I do a lot of GIS work, and ArcGIS is my tool of choice—mostly because all of my collaborators use it. While I do a lot of stuff through the ArcMap interface, there are times when I need to do things programmatically. Model Builder helps a lot if you don’t do a lot of programming or need to do relatively simple tasks, but it can be pretty finicky and requires some weird workarounds for things that should be simple.

I frequently find myself faced with tasks that require complex chaining of ArcGIS functions. Consider, for example, applying area-weighted averaging as a dissolve statistic (which absolutely should be a standard method for the Dissolve tool, but isn’t). In order to accomplish this, you need to:

1. Create a new field which is the product of the shape area and the field you want to calculate the area-weighted average for;
2. Dissolve your feature class with the SUM statistic for your new field; and
3. Create a new field which is the SUM statistic divided by the dissolved shape area.

This is a pretty simple procedure in terms of logic, but it gets fairly messy in Model Builder because of the multiple calls to Add Field and Calculate Field, and the parameter exposure needed in order to maintain sensible field names. Doing it in ArcPy is much easier:

def wadissolve(inlayer, outlayer, wafield, dissolvefield):
# create the temporary field
tempfield = wafield + '_PROD'
prodexpr = '!' + wafield + '! * !SHAPE_AREA!'
CalculateField_management(inlayer, tempfield, prodexpr, "PYTHON_9.3")
# dissolve with the SUM statistics for the temporary field
Dissolve_management(inlayer, outlayer dissolvefield, tempfield + ' SUM')
# calculate the area-weighted average
divexpr = '!' + tempfield + '_SUM! / !SHAPE_AREA!'
CalculateField_management(outlayer, awfield, divexpr, "PYTHON_9.3")
# cleanup
DeleteField_management(inlayer, tempfield)
DeleteField_management(outlayer, tempfield + '_SUM')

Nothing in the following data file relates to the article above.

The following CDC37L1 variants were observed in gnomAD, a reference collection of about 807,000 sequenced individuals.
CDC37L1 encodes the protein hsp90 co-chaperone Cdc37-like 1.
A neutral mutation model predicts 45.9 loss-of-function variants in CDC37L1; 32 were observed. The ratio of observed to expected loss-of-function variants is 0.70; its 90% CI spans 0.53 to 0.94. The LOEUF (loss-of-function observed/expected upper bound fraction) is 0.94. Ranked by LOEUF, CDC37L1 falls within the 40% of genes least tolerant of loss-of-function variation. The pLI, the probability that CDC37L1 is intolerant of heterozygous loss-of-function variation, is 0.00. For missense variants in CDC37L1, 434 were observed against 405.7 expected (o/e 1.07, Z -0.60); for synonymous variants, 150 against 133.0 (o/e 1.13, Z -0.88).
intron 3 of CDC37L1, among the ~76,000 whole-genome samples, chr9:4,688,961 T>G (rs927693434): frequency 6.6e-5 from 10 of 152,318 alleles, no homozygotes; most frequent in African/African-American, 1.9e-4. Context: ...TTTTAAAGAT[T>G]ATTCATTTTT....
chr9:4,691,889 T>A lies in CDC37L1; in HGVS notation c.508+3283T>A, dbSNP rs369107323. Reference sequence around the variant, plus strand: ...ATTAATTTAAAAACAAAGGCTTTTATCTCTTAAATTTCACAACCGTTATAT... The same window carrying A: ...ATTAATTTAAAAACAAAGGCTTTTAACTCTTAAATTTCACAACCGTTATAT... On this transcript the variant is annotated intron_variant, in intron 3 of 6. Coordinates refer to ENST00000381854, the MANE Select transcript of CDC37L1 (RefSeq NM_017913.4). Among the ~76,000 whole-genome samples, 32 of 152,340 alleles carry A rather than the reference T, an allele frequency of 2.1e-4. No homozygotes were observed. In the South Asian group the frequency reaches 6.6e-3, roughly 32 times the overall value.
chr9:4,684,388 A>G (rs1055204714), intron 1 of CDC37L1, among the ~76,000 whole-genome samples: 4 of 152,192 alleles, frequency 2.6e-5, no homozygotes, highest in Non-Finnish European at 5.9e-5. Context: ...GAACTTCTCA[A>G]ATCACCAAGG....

return outlayer


I have a problem though, and that problem is that I’d rather not use Python. I’ve mentioned before that I’m not a fan of the syntax, and there are some R packages that are indispensable for the types of analyses I’m doing. But there’s no R interface for ArcGIS. What other choice do I have?

There is the RPyGeo package, which claims to “provide access to (virtually any) ArcGIS Geoprocessing tool from within R by running Python geoprocessing scripts without writing Python code or touching ArcGIS”. It works, but it doesn’t really read like normal R code; except for a small number of functions that the authors wrote interfaces for, you call ArcPy functions through the rpygeo.geoprocessor with text strings and argument lists, and some specification of temporary python script files and message output files. I also don’t understand the dependency on RSAGA, or even shapefiles for that matter.

It turns out I’m stubborn enough to develop my own R interface for ArcPy rather than change my workflow a little bit. It seemed to me that the simplest approach was to use a virtual Python environment from which to access ArcPy. The PythonInR package does this, and it does it well—automatically creating the function interfaces required with the pyImport function so that it behaves just like a normal R function (except the arguments are not exposed,everything takes ...). There can be a little bit of weirdness with return values (e.g. the text ‘true’ instead of the logical value TRUE) but this really isn’t an issue for ArcPy, which generally returns the output file path as a string. The output file path is almost always an input argument as well, so you usually don’t need to access the return value.

I used PythonInR to build the package arcpyr, which provides a pretty straightforward interface to ArcPy. It’s not a complete solution; it provides access to ArcPy functions, but it can’t do a lot of the object-oriented stuff. I created a few functions to provide raster calculator and access some of the environment settings. But for examples like the one above, using ArcPy reads like any other R code:

wadissolve = function(inlayer, outlayer, wafield, dissolvefield){
# create the temporary field
tempfield = paste0(wafield, '_PROD')
prodexpr = paste0('!', wafield, '! * !SHAPE_AREA!')
CalculateField_management(inlayer, tempfield, prodexpr, "PYTHON_9.3")
# dissolve with the SUM statistics for the temporary field
Dissolve_management(inlayer, outlayer dissolvefield,
paste0(tempfield, ' SUM'))
# calculate the area-weighted average
divexpr = paste0('!' , tempfield, '_SUM! / !SHAPE_AREA!')

Having an R interface for ArcPy means I don’t have to juggle Python and R together to do my analysis, Making it way easier to maintain my codebase and rerun my analyses when needed. Of course, I could also use PythonInR to run entire python scripts if I needed to leverage the object-oriented aspects of ArcPy. One thing that got on my nerves was that loading the ArcPy functions using PythonInR::pyImport cluttered up the global R environment; I’ve now started a new implementation of the package that provides a cleaner interface.